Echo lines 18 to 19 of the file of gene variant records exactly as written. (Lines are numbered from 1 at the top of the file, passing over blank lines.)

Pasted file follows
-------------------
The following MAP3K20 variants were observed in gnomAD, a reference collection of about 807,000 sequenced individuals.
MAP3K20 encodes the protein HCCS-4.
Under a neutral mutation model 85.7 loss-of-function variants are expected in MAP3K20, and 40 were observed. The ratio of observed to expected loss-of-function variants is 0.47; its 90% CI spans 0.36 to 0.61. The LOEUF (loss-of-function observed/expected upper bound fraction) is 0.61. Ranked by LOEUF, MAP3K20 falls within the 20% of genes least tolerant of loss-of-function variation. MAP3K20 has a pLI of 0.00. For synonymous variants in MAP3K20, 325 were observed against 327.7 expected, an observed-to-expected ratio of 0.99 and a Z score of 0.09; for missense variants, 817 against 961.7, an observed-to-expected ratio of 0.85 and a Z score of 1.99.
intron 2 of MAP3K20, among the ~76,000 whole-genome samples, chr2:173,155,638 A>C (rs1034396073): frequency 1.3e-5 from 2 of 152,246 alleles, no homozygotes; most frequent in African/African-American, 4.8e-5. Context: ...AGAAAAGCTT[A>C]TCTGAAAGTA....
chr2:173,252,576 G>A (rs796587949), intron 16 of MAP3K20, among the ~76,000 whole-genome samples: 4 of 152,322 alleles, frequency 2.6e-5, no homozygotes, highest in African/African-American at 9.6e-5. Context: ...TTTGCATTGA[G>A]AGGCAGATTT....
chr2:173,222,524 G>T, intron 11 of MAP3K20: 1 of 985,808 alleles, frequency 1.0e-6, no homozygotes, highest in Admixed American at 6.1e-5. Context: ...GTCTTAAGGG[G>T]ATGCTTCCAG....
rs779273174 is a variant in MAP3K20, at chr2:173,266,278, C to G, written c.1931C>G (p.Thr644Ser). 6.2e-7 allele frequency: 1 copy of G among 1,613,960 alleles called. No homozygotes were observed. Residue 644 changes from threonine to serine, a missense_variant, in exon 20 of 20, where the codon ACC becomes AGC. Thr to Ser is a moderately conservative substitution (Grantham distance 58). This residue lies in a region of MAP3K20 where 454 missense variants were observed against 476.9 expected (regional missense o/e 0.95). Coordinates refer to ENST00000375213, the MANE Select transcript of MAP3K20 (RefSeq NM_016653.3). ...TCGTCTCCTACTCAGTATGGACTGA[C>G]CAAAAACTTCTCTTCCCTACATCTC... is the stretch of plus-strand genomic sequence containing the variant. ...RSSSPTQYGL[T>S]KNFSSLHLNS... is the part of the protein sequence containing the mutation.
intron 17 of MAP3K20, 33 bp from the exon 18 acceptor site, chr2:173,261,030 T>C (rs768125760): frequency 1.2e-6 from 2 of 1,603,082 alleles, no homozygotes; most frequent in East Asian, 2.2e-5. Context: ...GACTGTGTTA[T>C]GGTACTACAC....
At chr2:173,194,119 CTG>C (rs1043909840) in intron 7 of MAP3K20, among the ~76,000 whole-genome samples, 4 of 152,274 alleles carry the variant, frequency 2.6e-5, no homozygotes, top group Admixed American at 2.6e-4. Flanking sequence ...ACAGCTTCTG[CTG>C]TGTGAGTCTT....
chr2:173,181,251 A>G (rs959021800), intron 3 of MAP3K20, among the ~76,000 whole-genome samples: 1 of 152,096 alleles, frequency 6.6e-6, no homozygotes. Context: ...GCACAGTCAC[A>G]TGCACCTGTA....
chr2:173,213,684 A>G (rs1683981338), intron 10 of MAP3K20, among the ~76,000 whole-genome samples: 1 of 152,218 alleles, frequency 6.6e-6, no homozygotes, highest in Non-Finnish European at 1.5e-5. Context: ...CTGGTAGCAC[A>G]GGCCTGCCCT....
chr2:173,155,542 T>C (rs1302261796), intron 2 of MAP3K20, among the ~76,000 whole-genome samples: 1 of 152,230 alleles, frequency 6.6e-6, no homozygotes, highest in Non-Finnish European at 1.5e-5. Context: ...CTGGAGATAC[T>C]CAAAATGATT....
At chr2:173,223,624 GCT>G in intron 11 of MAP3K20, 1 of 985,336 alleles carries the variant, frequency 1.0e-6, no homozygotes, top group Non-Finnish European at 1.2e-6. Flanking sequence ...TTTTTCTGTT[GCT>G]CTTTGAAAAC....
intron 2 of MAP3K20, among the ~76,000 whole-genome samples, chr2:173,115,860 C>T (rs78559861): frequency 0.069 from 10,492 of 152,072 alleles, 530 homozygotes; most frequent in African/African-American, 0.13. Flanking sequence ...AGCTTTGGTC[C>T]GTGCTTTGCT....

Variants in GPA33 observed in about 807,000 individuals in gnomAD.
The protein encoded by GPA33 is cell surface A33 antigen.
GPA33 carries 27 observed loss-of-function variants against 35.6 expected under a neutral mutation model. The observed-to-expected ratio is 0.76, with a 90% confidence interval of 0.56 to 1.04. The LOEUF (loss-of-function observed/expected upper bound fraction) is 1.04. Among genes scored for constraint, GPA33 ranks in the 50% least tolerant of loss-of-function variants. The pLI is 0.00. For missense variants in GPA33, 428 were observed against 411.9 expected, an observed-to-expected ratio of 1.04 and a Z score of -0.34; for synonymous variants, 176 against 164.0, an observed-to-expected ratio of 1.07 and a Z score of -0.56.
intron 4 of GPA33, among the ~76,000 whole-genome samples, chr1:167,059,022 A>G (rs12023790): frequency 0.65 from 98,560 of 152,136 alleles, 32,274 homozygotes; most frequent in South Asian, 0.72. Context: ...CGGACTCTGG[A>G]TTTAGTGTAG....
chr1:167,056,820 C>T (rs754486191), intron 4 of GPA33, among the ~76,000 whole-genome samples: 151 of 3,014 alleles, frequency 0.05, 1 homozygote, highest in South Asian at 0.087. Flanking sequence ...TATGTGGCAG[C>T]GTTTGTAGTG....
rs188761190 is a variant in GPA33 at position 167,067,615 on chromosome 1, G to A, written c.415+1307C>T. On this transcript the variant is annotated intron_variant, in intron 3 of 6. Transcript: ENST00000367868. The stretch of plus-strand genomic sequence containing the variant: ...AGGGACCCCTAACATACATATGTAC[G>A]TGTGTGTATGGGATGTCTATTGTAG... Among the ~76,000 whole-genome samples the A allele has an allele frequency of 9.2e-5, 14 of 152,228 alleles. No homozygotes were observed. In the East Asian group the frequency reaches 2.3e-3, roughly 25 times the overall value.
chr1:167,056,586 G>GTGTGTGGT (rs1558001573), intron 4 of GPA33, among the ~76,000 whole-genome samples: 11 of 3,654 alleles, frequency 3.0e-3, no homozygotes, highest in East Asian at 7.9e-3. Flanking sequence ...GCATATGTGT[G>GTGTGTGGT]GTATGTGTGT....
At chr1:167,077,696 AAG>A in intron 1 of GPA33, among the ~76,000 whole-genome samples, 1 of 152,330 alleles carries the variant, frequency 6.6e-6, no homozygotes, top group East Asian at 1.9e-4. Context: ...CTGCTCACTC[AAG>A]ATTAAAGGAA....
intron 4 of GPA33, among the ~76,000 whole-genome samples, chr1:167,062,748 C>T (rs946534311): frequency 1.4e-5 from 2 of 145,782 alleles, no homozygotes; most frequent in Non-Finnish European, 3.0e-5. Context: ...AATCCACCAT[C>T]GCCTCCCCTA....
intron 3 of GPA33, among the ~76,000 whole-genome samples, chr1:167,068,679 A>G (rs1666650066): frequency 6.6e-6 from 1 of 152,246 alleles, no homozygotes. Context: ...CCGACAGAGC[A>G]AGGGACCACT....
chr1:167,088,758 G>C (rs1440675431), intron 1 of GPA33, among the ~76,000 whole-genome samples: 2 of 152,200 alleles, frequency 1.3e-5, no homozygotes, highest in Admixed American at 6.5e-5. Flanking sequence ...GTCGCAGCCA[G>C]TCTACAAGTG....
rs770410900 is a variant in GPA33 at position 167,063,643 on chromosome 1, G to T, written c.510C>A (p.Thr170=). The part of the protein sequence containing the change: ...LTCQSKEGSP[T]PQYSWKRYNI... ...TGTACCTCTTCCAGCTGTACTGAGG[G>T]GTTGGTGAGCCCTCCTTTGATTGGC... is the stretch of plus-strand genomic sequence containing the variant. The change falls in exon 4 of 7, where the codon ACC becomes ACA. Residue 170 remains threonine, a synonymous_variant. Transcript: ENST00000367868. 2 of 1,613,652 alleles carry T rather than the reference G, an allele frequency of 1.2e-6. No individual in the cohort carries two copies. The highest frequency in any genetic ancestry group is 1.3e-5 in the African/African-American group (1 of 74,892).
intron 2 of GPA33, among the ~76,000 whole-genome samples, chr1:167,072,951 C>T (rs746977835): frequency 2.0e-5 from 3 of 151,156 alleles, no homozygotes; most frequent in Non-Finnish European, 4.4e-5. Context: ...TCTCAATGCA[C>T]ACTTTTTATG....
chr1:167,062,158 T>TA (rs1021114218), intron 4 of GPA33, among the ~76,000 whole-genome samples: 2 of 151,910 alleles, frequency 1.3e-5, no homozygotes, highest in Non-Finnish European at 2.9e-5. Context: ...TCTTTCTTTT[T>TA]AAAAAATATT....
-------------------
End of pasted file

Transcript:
intron 4 of GPA33, among the ~76,000 whole-genome samples, chr1:167,059,022 A>G (rs12023790): frequency 0.65 from 98,560 of 152,136 alleles, 32,274 homozygotes; most frequent in South Asian, 0.72. Context: ...CGGACTCTGG[A>G]TTTAGTGTAG....
chr1:167,056,820 C>T (rs754486191), intron 4 of GPA33, among the ~76,000 whole-genome samples: 151 of 3,014 alleles, frequency 0.05, 1 homozygote, highest in South Asian at 0.087. Flanking sequence ...TATGTGGCAG[C>T]GTTTGTAGTG....